Quite a while ago, before moving into the professional IT, I was doing a scientific research in the area of the brain science. My main interests were, to state it very briefly, in using statistical methods to detect and evaluate brain electrical responses to various stimuli (pictures, words etc.). As a rule, the responses were tiny and buried in the unavoidable background variations and noise. The goal was to obtain a statistical proof that the response actually exists at all and to provide some estimate of the extent it is consistently repeated when you present the same stimulus under the same conditions. This is just one of the examples of a more general area of Pattern Recognition. I believe that Predictive Analytics belongs to the same general area. This area is really huge both in terms of classes of problems it deals with and methods used.


Brain science and its relation to statistics seems fascinating! Do you think we can relate this concept to an Equipment response as well?

 Yes, in fact the concept finds its application in a wider scope. Look around and you will see the science of correlations in all possible aspects of things.  For example, when analyzing large amounts of data on the contents of the supermarket baskets the researchers recently found that when a person buys baby's diapers, there is a good probability that this person would also buy some beer. It was a bit of a surprise! An immediate pragmatic recommendation from the study would be to keep both items close on the shelves to make it more convenient for the customers. However, the researchers did some more digging and found an explanation for this unusual effect. It turned out to be due to young fathers whom their wives ask to buy diapers for their baby on the way home from work. It often implies that the husband expects to spend evening at home with his family, so he also buys beer for himself.

 An example from a completely different area - the width of the annual growth rings on the tree stumps strongly correlates with the annual number of fatalities from heart attacks. However, there is no causal relationship between the two observed variables in this case. The actual driving mechanism underlying this effect is the annual variations in the solar activity.

In the context of Equipment, an example would be to note a response against parameters such as load, pressure, rotations per minutes etc. and try correlating it with the failure pattern. With the objective of optimizing equipment performance, one can study these specific parameters and try channelizing it towards a safer zone. This way, we essentially work on a need based maintenance as we know whether a failure is imminent and could avoid the pit fall of overdoing the maintenance activity.


If you want to describe the Predictive Analytics to a novice in this field, how would it be?


The logic underlying Predictive Analytics could be outlined as follows. A combination of parameters is repeatedly measured for a system under observation. At some moment in time an important event occurs due to an unknown reason - the system noticeably changes its behavior in some way (e.g., breaks or stops functioning). Over a substantial period of observation a large volume of data on the values of parameters that precede the important event's occurrence has been accumulated. The question to answer is to what extent it is possible to predict that the important event is imminent by looking at the current values of the measured parameters.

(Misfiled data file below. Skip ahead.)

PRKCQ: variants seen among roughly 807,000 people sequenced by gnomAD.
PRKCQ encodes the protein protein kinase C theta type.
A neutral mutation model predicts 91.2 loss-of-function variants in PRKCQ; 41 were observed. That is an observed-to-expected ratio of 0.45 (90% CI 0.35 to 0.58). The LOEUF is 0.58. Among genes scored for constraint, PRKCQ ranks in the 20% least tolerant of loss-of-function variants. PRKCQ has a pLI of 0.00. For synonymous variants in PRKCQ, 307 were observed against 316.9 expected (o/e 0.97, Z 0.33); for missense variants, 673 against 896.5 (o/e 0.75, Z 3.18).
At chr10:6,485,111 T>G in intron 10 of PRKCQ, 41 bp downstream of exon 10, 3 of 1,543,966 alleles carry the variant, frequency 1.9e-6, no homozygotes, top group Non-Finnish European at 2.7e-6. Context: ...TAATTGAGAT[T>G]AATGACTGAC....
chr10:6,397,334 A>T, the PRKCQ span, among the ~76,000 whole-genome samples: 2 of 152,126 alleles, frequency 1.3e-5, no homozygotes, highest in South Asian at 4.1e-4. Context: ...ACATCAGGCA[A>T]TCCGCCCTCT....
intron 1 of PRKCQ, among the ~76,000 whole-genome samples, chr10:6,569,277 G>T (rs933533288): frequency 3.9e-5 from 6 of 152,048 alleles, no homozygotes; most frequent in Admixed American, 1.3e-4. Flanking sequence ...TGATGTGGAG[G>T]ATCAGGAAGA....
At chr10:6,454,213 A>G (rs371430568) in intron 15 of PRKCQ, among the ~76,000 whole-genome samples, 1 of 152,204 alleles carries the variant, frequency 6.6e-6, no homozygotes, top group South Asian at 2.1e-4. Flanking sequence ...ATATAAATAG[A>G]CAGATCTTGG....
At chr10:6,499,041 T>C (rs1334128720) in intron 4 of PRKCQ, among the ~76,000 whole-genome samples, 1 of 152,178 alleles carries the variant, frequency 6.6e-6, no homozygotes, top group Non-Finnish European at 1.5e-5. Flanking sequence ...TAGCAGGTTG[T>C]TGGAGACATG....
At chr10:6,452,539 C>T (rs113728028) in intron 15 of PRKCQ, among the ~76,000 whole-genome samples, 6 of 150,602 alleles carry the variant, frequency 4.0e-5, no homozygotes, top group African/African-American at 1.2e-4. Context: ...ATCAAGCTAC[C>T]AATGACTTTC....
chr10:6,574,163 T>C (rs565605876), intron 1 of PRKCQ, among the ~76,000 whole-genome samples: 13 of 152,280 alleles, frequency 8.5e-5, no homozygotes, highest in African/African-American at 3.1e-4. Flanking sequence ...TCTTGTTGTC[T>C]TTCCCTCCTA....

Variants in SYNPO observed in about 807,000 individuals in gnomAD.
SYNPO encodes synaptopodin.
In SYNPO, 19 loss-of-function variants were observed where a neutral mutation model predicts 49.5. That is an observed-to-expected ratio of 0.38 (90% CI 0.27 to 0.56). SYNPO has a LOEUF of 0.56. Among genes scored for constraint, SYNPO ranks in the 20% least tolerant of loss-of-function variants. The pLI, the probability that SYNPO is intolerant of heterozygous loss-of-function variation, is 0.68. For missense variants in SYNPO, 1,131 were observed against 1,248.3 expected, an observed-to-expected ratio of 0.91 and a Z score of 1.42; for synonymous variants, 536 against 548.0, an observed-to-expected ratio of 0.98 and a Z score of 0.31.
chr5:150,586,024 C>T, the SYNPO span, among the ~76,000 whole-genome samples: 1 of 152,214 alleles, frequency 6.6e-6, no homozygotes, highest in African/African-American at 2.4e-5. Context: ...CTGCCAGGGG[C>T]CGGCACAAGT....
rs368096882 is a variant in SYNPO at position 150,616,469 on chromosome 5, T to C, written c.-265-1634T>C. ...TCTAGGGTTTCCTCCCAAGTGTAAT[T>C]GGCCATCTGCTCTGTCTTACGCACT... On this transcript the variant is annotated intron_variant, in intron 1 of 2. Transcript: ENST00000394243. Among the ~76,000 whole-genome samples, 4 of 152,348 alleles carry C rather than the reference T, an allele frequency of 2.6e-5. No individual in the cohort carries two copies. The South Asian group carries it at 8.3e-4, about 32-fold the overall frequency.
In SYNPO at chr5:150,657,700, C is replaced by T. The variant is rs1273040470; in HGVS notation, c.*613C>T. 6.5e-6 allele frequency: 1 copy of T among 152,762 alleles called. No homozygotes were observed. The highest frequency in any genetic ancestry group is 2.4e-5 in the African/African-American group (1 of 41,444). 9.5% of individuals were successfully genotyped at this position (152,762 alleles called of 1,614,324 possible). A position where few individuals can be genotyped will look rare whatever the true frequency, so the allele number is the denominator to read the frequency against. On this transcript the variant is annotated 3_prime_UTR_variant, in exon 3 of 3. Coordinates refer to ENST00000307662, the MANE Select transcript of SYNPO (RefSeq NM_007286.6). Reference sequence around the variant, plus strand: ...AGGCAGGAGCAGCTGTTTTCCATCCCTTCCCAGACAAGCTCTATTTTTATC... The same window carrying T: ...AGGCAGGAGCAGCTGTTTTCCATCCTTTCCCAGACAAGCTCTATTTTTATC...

One fundamental aspect should be stressed here - the repeatability of the important event.  It is impossible to predict events that are unique or occur very rarely indeed - statistical methods just do not work under such scenarios.  On a lighter note, this is nicely illustrated by the following joke.

A University professor is conducting a seminar on telekinesis. He explains to his students that telekinesis is an ability to move objects using just one's will power and says:

-          Let's now all close our eyes, concentrate for one minute and try moving ourselves outside this room into the corridor.

In a minute they open their eyes and are very surprised to see that one person is missing! The professor, stunned not less than his students, asks them for comments. One of the students is doing a course in statistics. He says:

-          I am not sure you would be able to prove that this effect is significant using statistical methods...


 Which industry according to you  would have the most requirements of Predictive Analytics?

Everyone would like to know the future!  The quality of prediction benefits from the careful statistical analysis of the available data. Unfortunately it may often be the case that even the very large volumes of data do not allow prediction with any usable degree of confidence - we do not know if parameters we are monitoring indeed have the required predictive power. You are unfortunately not guaranteed a success when you start dealing with a prediction task. A very good example in this respect is a long history of attempts to predict earthquakes and volcanic eruptions. We are still very far from where we ideally would like to be in this area. You really need not have to put this in an Industrial perspective.


Based on your experience, could you please tell us about the tools/software widely used in the field of Predictive Analytics? Is there a best -of- breed solution available?